Serbia and the ICTY: How Effective Is EU Conditionality?

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Series Details No.6, September 2009
Publication Date September 2009
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Over the past two decades conditionality has moved to the heart of the European Union’s (EU) foreign policy and is one of the key instruments of the enlargement policy. This paper looks into one specific aspect of the EU’s conditionality vis-à-vis the Republic of Serbia, namely the demand for cooperation with the International Criminal Tribunal for the former Yugoslavia (ICTY).

This paper aims to assess the extent to which the EU’s policy of ‘ICTY conditionality’ has been effective. By using the ‘external incentives model’ as the main theoretical framework, and supplementing it with insights of scholars who have studied past enlargements, I will identify and evaluate the main factors determining the success of this specific case of conditionality. I will demonstrate that, at times, the EU has been effective in employing ‘ICTY conditionality’, but that this has not been consistently so. I argue that on the EU’s side, the uncertainty concerning eventual membership and the lack of consistency in applying conditionality are the main factors undermining the policy’s effectiveness.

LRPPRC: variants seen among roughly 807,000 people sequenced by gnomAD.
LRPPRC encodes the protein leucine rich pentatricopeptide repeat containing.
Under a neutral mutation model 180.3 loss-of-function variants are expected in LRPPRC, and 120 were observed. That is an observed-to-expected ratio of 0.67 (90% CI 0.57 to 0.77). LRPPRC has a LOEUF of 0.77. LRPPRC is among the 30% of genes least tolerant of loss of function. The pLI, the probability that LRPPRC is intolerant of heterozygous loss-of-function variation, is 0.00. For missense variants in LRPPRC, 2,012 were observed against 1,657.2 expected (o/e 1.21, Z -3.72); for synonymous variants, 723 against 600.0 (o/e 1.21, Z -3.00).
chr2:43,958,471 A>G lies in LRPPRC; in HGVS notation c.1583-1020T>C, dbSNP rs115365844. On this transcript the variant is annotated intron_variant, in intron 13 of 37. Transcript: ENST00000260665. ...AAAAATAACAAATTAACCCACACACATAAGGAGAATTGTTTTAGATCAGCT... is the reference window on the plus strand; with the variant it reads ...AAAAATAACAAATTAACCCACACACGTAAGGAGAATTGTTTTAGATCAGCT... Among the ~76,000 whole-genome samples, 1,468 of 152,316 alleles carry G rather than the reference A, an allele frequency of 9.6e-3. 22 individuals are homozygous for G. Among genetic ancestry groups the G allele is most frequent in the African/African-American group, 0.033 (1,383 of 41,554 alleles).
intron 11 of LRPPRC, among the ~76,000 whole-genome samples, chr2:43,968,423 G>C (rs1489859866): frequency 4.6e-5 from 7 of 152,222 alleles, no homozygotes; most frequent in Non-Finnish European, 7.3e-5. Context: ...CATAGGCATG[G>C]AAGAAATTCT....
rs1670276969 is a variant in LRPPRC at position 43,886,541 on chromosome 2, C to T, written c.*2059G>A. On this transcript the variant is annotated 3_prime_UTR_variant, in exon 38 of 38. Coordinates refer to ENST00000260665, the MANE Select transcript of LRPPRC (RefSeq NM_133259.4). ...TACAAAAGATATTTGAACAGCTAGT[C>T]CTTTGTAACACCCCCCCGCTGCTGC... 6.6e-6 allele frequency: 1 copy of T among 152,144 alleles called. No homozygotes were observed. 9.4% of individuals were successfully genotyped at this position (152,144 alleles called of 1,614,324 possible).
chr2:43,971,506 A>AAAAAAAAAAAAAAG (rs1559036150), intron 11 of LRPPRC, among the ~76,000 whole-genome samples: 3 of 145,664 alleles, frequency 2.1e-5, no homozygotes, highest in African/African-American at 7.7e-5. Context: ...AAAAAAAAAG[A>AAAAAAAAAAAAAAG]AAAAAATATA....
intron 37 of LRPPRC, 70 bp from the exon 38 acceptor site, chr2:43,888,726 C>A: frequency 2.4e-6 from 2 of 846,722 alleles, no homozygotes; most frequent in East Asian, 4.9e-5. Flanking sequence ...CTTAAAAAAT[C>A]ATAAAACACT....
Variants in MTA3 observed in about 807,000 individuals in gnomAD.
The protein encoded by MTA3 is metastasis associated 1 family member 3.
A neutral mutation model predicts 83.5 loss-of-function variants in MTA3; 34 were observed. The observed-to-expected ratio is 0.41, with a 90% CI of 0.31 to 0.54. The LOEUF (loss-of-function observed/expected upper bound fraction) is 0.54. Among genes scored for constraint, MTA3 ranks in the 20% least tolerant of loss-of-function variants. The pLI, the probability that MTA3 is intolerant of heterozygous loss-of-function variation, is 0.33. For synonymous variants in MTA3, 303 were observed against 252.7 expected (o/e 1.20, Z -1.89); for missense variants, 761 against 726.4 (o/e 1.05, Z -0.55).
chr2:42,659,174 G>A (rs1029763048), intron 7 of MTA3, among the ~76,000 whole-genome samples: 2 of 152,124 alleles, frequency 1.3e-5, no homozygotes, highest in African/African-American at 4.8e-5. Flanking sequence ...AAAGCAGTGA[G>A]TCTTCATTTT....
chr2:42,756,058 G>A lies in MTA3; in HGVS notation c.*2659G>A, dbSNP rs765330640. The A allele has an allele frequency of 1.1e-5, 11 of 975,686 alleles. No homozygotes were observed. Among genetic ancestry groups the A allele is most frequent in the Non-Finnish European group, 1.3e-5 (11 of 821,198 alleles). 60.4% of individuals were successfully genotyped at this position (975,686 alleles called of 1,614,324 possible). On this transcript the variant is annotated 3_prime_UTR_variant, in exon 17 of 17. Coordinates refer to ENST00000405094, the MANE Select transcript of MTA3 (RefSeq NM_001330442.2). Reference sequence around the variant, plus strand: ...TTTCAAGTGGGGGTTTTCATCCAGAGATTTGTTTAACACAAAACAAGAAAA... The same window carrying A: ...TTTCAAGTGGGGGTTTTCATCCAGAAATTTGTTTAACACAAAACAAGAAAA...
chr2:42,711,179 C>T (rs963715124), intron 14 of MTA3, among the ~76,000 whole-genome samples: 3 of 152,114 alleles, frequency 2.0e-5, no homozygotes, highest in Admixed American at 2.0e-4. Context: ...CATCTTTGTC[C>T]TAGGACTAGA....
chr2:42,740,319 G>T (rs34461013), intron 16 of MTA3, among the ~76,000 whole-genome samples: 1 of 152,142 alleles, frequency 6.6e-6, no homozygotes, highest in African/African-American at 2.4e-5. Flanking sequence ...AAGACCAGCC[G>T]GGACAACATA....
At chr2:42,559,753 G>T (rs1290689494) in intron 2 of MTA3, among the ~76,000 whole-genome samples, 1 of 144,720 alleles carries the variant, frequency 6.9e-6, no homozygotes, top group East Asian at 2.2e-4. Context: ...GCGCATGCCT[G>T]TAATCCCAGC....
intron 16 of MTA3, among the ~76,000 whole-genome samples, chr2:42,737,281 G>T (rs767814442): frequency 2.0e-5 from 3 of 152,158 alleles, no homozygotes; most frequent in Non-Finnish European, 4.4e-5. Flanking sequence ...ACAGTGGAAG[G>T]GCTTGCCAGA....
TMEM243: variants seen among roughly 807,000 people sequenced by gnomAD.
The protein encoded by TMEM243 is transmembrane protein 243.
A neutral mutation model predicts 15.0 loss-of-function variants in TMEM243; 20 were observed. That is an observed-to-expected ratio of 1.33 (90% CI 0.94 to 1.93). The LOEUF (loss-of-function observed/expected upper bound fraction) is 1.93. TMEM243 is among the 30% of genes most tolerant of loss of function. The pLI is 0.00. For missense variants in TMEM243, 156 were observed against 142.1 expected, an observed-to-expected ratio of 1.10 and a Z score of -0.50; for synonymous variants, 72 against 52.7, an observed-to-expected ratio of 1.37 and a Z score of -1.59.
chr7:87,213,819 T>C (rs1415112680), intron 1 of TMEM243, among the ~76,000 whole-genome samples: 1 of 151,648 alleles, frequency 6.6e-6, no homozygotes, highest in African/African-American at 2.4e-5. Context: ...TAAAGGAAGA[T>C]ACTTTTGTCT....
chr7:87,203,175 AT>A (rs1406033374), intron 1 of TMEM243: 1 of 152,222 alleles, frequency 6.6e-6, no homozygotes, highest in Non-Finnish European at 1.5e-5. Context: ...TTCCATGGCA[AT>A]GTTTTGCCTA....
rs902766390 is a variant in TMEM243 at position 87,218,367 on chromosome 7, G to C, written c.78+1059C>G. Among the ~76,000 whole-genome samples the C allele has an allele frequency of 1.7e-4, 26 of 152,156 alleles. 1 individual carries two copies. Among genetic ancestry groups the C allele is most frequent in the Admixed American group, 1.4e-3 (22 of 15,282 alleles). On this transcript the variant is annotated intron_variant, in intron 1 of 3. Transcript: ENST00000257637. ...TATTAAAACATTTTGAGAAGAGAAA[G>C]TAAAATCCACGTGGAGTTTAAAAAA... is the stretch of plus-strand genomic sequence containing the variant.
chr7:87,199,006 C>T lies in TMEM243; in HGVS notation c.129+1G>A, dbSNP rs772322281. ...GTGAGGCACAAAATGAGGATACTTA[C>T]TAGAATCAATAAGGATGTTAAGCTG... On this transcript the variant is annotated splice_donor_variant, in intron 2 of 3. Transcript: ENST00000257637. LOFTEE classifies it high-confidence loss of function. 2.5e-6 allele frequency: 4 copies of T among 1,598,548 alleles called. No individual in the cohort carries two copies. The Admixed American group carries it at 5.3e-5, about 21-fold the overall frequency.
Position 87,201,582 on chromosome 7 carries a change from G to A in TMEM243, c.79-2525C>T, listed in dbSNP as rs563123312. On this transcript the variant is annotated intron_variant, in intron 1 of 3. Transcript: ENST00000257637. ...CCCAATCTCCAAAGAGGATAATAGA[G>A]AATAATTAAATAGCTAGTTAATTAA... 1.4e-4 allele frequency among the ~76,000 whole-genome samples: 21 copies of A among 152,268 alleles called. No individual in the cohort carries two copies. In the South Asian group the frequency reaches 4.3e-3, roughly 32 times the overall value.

On the Serbian side, the great political costs entailed by cooperation, and the lack of political will to reform the structures of certain veto players are hindrances for a policy of full cooperation with the Tribunal.

This paper shows that conditionality is indeed a two-way process and that effectiveness is as much determined by the setter of the condition as by the target state. Moreover, by viewing this case as part of the broader policy of conditionality the EU has set out for aspiring members, the analysis will pinpoint some of the changing dynamics in the enlargement policy and contribute to the existing literature in this field.

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